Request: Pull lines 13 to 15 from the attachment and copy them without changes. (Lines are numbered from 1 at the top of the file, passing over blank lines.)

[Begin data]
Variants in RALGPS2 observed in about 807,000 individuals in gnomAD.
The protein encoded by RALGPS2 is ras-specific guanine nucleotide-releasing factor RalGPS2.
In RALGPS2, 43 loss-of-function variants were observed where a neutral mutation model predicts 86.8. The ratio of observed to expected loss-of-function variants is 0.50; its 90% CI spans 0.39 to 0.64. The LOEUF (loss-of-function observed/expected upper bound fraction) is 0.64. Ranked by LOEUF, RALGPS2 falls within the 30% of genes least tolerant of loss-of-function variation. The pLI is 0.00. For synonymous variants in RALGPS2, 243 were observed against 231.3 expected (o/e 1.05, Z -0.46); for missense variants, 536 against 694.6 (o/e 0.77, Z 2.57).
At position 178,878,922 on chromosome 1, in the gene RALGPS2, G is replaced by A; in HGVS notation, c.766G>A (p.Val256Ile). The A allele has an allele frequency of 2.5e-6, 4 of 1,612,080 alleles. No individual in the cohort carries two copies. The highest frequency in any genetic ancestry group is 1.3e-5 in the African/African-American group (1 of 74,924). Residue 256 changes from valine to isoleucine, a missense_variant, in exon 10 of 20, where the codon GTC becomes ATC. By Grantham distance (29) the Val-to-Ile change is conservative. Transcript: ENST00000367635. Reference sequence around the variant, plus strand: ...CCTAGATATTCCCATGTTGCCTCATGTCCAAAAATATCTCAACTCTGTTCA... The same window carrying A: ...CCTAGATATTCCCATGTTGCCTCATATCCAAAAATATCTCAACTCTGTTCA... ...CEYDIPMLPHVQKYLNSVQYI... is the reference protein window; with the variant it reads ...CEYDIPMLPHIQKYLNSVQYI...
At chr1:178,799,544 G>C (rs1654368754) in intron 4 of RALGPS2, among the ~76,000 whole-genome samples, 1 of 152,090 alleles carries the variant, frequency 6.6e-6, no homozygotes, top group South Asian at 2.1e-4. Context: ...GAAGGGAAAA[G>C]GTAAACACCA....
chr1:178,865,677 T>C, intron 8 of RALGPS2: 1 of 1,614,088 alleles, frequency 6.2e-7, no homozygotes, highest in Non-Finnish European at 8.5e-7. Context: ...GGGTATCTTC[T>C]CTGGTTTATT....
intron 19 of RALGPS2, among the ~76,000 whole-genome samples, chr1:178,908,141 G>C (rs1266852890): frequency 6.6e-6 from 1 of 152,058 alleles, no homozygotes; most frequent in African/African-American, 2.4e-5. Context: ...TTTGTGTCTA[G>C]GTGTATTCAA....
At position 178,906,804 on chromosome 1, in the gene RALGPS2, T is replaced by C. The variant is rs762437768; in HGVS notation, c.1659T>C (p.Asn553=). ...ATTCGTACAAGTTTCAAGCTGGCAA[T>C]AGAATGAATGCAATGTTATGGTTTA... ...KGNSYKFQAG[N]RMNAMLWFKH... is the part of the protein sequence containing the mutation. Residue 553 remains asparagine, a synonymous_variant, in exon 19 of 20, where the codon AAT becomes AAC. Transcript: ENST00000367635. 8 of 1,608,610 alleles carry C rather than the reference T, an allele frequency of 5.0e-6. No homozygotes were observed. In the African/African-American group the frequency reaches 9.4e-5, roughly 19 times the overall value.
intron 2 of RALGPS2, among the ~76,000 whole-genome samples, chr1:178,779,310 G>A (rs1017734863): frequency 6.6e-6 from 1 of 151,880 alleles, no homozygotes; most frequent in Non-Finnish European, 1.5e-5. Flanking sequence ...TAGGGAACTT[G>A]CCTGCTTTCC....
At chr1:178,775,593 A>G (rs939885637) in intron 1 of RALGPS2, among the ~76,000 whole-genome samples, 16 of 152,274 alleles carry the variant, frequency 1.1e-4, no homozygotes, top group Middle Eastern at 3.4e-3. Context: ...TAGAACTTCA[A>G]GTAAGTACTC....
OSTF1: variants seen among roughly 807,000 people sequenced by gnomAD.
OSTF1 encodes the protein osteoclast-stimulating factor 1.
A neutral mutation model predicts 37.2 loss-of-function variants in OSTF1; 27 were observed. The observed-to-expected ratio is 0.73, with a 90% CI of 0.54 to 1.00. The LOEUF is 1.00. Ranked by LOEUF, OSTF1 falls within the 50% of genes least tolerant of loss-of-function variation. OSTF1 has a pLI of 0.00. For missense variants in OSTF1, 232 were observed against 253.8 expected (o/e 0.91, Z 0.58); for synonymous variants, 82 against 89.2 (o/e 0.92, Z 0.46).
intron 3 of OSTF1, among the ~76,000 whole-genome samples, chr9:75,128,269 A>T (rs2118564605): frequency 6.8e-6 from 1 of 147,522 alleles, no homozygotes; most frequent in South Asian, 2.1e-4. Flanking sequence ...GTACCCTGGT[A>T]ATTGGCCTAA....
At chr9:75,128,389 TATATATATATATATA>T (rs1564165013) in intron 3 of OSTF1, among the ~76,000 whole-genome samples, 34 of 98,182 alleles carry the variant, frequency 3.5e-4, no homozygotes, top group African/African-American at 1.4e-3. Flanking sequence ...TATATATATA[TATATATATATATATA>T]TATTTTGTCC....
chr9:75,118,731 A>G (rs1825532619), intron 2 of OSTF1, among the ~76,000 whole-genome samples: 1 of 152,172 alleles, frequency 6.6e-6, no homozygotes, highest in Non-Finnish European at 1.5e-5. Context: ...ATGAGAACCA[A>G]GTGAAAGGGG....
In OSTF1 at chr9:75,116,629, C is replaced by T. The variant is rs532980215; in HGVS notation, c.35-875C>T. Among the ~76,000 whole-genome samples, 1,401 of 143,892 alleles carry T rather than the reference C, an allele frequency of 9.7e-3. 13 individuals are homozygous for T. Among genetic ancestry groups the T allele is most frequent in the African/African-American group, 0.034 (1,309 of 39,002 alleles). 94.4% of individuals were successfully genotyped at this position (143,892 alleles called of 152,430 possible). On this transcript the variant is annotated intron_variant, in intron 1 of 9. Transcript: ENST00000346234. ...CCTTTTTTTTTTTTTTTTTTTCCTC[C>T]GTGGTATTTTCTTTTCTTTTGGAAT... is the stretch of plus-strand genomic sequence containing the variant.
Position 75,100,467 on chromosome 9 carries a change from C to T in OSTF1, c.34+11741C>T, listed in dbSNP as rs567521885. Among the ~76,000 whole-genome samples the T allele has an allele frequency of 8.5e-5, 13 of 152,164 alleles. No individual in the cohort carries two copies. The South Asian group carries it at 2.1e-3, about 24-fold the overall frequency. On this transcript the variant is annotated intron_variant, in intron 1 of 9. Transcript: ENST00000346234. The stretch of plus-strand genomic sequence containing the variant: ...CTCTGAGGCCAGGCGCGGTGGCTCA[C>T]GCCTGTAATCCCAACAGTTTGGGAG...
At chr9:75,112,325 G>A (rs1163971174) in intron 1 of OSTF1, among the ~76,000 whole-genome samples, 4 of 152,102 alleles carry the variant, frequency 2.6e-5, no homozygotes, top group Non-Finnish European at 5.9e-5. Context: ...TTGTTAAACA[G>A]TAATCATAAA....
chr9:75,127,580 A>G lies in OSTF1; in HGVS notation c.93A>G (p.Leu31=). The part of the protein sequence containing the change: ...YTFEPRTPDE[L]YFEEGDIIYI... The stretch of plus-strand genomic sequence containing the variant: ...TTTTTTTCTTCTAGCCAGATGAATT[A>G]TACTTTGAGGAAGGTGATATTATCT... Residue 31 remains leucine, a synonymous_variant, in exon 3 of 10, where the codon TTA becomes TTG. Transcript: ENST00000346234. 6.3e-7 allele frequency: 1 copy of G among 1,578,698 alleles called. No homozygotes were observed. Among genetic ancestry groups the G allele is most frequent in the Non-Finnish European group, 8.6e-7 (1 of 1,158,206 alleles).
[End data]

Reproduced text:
A neutral mutation model predicts 37.2 loss-of-function variants in OSTF1; 27 were observed. The observed-to-expected ratio is 0.73, with a 90% CI of 0.54 to 1.00. The LOEUF is 1.00. Ranked by LOEUF, OSTF1 falls within the 50% of genes least tolerant of loss-of-function variation. OSTF1 has a pLI of 0.00. For missense variants in OSTF1, 232 were observed against 253.8 expected (o/e 0.91, Z 0.58); for synonymous variants, 82 against 89.2 (o/e 0.92, Z 0.46).
intron 3 of OSTF1, among the ~76,000 whole-genome samples, chr9:75,128,269 A>T (rs2118564605): frequency 6.8e-6 from 1 of 147,522 alleles, no homozygotes; most frequent in South Asian, 2.1e-4. Flanking sequence ...GTACCCTGGT[A>T]ATTGGCCTAA....
At chr9:75,128,389 TATATATATATATATA>T (rs1564165013) in intron 3 of OSTF1, among the ~76,000 whole-genome samples, 34 of 98,182 alleles carry the variant, frequency 3.5e-4, no homozygotes, top group African/African-American at 1.4e-3. Flanking sequence ...TATATATATA[TATATATATATATATA>T]TATTTTGTCC....